Next, check your regulator pressure. If it is at your ideal measurement listed in your user guide, there may be an obstruction that is causing your system to fail. Click here for additional advice for troubleshooting your caravan’s gas powered hot water.
Before replacing an electric caravan water heater in its entirety, you might want to check if the element is the issue, as sometimes, the elements are the root cause of many electric water heater failures.
To troubleshoot this, you should start by identifying whether your circuit breaker is off. This should be your first port of call as it might have tripped or been turned off. If you are sure that the circuit breaker is not the issue, your next steps should be to reset your water heater.
How To Reset a Caravan Water Heater
If you have a reset button on your water heater, you should find it around the temperature cut-off.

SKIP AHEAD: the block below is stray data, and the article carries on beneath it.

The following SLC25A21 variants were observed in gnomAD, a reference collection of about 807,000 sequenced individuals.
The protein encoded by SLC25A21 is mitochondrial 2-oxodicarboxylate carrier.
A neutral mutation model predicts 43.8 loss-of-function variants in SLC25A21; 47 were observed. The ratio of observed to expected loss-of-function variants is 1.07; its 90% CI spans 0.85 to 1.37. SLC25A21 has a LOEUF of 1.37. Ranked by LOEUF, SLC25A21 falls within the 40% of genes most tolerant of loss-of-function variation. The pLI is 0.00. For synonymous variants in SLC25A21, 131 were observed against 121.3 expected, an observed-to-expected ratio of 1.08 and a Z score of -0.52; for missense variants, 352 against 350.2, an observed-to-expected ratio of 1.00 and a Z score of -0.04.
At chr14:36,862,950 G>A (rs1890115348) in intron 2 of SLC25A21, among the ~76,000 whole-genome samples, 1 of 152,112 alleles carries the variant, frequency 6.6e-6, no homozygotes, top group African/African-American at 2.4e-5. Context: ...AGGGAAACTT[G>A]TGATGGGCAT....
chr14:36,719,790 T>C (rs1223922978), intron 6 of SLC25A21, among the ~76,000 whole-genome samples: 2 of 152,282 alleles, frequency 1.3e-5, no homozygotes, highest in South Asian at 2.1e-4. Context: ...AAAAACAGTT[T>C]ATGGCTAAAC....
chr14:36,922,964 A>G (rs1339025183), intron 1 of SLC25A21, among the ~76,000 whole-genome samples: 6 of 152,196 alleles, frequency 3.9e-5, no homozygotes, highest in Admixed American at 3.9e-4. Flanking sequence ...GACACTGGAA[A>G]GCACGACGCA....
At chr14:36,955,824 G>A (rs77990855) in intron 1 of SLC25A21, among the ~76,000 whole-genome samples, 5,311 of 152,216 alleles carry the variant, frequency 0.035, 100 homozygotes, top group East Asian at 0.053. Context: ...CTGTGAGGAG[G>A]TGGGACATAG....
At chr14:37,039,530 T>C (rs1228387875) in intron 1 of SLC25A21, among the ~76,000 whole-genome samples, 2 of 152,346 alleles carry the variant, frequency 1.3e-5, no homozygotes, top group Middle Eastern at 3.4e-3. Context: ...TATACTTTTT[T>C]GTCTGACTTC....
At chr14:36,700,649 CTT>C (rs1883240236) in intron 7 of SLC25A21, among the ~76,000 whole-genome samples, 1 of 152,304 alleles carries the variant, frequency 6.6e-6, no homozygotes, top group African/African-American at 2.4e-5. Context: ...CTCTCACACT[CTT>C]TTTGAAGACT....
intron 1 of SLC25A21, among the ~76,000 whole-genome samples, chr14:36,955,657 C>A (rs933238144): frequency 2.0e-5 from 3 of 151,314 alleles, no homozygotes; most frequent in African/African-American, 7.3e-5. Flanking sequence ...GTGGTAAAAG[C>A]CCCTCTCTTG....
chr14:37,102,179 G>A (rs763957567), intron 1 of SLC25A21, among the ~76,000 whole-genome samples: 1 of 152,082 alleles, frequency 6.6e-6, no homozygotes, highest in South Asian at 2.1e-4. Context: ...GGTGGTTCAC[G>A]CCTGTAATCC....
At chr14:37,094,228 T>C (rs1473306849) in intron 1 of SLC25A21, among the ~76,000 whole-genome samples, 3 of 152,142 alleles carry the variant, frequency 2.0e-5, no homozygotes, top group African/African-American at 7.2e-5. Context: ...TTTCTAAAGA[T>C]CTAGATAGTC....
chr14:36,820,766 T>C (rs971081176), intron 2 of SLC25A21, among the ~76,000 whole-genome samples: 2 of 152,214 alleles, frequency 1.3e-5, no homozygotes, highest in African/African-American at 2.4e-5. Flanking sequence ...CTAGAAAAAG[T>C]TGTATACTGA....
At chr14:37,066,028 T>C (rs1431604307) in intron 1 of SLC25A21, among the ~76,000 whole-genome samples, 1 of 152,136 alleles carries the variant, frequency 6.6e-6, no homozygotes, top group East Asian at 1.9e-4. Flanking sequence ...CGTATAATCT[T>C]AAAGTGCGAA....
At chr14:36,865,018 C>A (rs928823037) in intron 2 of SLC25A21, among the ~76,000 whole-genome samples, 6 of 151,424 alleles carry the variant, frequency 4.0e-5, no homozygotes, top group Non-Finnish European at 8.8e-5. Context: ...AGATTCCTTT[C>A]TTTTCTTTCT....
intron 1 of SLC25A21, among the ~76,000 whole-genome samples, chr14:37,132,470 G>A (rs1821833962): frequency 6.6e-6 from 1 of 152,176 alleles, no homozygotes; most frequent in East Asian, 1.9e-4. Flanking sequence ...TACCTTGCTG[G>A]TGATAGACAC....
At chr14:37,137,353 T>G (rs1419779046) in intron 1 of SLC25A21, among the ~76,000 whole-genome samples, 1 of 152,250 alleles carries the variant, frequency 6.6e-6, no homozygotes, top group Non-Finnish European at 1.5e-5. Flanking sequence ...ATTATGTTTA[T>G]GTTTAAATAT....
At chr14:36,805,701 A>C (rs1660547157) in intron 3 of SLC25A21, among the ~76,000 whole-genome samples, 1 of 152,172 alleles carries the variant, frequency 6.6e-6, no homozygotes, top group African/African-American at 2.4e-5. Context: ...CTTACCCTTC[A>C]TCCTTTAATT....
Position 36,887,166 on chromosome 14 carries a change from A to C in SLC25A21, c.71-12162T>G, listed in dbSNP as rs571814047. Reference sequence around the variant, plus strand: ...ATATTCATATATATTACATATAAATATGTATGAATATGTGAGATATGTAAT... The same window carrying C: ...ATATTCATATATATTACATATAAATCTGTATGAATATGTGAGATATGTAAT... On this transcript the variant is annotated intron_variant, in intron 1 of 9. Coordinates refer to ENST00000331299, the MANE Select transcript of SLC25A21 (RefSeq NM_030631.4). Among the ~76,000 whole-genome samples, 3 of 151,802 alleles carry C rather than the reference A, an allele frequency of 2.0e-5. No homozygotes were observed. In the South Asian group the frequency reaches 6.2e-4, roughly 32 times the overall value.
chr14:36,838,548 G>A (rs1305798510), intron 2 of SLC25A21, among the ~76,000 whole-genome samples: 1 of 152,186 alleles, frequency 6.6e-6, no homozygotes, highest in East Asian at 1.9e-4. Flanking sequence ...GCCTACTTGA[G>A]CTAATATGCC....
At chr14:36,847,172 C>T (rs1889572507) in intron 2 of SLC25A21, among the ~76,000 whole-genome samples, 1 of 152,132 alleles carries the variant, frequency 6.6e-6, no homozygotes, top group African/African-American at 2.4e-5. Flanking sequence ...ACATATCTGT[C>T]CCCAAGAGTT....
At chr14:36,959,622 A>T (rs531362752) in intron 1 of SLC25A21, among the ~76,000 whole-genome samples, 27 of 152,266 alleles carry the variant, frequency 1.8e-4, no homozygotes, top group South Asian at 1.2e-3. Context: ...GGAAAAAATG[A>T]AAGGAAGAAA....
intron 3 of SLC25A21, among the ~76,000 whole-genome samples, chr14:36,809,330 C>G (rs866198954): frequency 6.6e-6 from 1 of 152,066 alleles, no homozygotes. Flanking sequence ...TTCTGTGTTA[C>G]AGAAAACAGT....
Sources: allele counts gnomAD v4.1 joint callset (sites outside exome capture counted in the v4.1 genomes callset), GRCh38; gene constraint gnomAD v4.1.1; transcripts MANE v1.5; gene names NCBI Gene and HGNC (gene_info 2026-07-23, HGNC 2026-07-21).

If you do not have a designated reset button, you could just turn the water heater off, leave it for at least 15 seconds, before turning it back on again. If you find that the heater trips again when you turn it back on, it is possible that the element within the heater is the cause of the malfunction.
Here in the UK, having a water heater for your caravan is more or less essential. If you have an external washing facility on the campsite, you could use your gas hob for water heating at small volumes. Saying this, you probably would not have read this article in its entirety if that was an option for you.
Navigating the wide range of options for your caravan water heater does not have to be difficult when you know what you are looking for. This article has aimed to break down the decision-making process into three aspects.
- The power sources available
- Whether you want a tankless system
- What size tank might suit your needs
Once you have one or two of these decisions made, it greatly reduces the overwhelming number of options you have to choose between. If this article has helped you narrow down your list of possibilities, it would be great for us if you could share the article to your social pages by clicking the share button here.